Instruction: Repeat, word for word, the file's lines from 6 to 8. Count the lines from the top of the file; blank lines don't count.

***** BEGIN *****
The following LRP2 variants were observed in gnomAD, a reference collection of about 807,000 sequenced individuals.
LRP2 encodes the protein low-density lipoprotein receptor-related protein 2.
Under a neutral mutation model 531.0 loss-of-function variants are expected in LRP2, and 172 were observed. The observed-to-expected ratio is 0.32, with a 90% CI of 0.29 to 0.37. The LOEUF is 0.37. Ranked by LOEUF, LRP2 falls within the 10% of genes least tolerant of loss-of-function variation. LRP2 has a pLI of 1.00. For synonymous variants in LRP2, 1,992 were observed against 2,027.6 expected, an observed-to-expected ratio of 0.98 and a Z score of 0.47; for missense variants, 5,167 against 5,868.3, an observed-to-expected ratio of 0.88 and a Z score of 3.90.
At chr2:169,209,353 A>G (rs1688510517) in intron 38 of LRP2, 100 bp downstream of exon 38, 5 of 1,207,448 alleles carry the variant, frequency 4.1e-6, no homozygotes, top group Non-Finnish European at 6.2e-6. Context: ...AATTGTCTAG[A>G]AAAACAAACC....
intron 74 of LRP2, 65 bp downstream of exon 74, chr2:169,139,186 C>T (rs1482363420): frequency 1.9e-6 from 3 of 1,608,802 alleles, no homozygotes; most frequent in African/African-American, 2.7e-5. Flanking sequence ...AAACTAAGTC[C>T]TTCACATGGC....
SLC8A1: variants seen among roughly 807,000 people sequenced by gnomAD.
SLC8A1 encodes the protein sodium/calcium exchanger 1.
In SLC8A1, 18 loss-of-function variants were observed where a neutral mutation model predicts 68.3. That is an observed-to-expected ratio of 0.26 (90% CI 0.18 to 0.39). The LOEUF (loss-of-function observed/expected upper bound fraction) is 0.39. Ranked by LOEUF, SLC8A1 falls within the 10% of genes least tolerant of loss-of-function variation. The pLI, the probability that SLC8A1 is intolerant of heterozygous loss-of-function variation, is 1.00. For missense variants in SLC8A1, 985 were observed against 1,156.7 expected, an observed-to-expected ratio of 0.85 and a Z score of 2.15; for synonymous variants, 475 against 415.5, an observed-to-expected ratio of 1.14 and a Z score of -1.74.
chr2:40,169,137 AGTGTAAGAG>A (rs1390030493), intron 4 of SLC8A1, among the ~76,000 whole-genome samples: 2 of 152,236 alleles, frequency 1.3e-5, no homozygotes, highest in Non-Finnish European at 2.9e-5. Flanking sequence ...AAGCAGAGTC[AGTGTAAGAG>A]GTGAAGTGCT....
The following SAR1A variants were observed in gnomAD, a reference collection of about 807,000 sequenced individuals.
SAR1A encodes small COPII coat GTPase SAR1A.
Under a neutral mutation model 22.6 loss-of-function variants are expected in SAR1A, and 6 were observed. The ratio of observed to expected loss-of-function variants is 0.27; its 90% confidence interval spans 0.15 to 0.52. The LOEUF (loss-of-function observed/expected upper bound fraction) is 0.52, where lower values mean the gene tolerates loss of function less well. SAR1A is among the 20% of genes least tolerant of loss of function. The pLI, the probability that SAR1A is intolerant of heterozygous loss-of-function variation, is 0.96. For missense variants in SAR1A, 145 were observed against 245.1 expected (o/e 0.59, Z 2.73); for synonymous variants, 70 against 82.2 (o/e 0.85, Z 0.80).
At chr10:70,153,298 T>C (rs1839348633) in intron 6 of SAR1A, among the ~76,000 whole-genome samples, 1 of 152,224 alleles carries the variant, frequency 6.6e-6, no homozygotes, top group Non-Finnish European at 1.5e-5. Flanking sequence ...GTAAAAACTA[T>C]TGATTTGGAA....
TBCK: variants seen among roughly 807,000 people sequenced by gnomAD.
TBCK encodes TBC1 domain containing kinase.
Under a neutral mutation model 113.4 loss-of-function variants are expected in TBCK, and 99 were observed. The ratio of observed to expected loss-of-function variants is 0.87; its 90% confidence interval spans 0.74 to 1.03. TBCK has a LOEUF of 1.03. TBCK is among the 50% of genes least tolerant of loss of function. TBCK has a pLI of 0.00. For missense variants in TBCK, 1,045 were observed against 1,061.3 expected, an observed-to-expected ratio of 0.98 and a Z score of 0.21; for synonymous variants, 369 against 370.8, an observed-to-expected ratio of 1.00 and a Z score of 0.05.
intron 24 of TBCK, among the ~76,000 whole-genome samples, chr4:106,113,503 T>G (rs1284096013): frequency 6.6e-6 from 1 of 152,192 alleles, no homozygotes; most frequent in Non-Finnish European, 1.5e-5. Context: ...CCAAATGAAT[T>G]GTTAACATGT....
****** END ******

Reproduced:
SLC8A1: variants seen among roughly 807,000 people sequenced by gnomAD.
SLC8A1 encodes the protein sodium/calcium exchanger 1.
In SLC8A1, 18 loss-of-function variants were observed where a neutral mutation model predicts 68.3. That is an observed-to-expected ratio of 0.26 (90% CI 0.18 to 0.39). The LOEUF (loss-of-function observed/expected upper bound fraction) is 0.39. Ranked by LOEUF, SLC8A1 falls within the 10% of genes least tolerant of loss-of-function variation. The pLI, the probability that SLC8A1 is intolerant of heterozygous loss-of-function variation, is 1.00. For missense variants in SLC8A1, 985 were observed against 1,156.7 expected, an observed-to-expected ratio of 0.85 and a Z score of 2.15; for synonymous variants, 475 against 415.5, an observed-to-expected ratio of 1.14 and a Z score of -1.74.